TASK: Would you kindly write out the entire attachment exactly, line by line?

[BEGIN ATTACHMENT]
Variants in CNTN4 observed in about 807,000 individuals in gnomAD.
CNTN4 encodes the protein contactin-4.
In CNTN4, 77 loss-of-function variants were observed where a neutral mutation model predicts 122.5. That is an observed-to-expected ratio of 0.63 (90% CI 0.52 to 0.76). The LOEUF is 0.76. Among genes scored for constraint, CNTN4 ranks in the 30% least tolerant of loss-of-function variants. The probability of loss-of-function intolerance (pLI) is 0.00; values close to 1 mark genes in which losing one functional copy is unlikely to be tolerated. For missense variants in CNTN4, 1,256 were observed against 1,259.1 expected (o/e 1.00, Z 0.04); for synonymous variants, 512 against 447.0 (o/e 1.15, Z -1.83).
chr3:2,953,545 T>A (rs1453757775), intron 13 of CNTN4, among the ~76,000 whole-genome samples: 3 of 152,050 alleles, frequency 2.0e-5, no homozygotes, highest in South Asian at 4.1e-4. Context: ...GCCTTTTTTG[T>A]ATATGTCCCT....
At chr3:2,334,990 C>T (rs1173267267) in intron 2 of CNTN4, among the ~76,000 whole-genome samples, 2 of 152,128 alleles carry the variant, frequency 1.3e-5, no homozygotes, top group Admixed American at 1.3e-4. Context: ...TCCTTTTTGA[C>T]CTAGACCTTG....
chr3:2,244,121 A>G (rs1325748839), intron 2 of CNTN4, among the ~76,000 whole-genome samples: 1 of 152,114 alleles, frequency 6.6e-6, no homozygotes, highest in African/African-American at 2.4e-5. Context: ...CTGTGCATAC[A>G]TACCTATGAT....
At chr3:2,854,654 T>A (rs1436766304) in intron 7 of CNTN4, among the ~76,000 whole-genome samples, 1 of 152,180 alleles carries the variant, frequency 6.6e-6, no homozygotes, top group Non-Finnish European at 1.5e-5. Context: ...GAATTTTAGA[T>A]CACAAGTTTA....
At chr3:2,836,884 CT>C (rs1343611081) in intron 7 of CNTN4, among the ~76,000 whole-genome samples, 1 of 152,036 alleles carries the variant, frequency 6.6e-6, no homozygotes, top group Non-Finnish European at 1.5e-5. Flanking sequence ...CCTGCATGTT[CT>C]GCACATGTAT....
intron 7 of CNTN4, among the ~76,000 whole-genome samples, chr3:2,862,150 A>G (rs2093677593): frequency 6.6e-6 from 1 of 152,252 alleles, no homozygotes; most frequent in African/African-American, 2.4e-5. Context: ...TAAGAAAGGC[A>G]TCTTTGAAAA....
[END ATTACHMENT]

Variants in CNTN4 observed in about 807,000 individuals in gnomAD.
CNTN4 encodes the protein contactin-4.
In CNTN4, 77 loss-of-function variants were observed where a neutral mutation model predicts 122.5. That is an observed-to-expected ratio of 0.63 (90% CI 0.52 to 0.76). The LOEUF is 0.76. Among genes scored for constraint, CNTN4 ranks in the 30% least tolerant of loss-of-function variants. The probability of loss-of-function intolerance (pLI) is 0.00; values close to 1 mark genes in which losing one functional copy is unlikely to be tolerated. For missense variants in CNTN4, 1,256 were observed against 1,259.1 expected (o/e 1.00, Z 0.04); for synonymous variants, 512 against 447.0 (o/e 1.15, Z -1.83).
chr3:2,953,545 T>A (rs1453757775), intron 13 of CNTN4, among the ~76,000 whole-genome samples: 3 of 152,050 alleles, frequency 2.0e-5, no homozygotes, highest in South Asian at 4.1e-4. Context: ...GCCTTTTTTG[T>A]ATATGTCCCT....
At chr3:2,334,990 C>T (rs1173267267) in intron 2 of CNTN4, among the ~76,000 whole-genome samples, 2 of 152,128 alleles carry the variant, frequency 1.3e-5, no homozygotes, top group Admixed American at 1.3e-4. Context: ...TCCTTTTTGA[C>T]CTAGACCTTG....
chr3:2,244,121 A>G (rs1325748839), intron 2 of CNTN4, among the ~76,000 whole-genome samples: 1 of 152,114 alleles, frequency 6.6e-6, no homozygotes, highest in African/African-American at 2.4e-5. Context: ...CTGTGCATAC[A>G]TACCTATGAT....
At chr3:2,854,654 T>A (rs1436766304) in intron 7 of CNTN4, among the ~76,000 whole-genome samples, 1 of 152,180 alleles carries the variant, frequency 6.6e-6, no homozygotes, top group Non-Finnish European at 1.5e-5. Context: ...GAATTTTAGA[T>A]CACAAGTTTA....
At chr3:2,836,884 CT>C (rs1343611081) in intron 7 of CNTN4, among the ~76,000 whole-genome samples, 1 of 152,036 alleles carries the variant, frequency 6.6e-6, no homozygotes, top group Non-Finnish European at 1.5e-5. Flanking sequence ...CCTGCATGTT[CT>C]GCACATGTAT....
intron 7 of CNTN4, among the ~76,000 whole-genome samples, chr3:2,862,150 A>G (rs2093677593): frequency 6.6e-6 from 1 of 152,252 alleles, no homozygotes; most frequent in African/African-American, 2.4e-5. Context: ...TAAGAAAGGC[A>G]TCTTTGAAAA....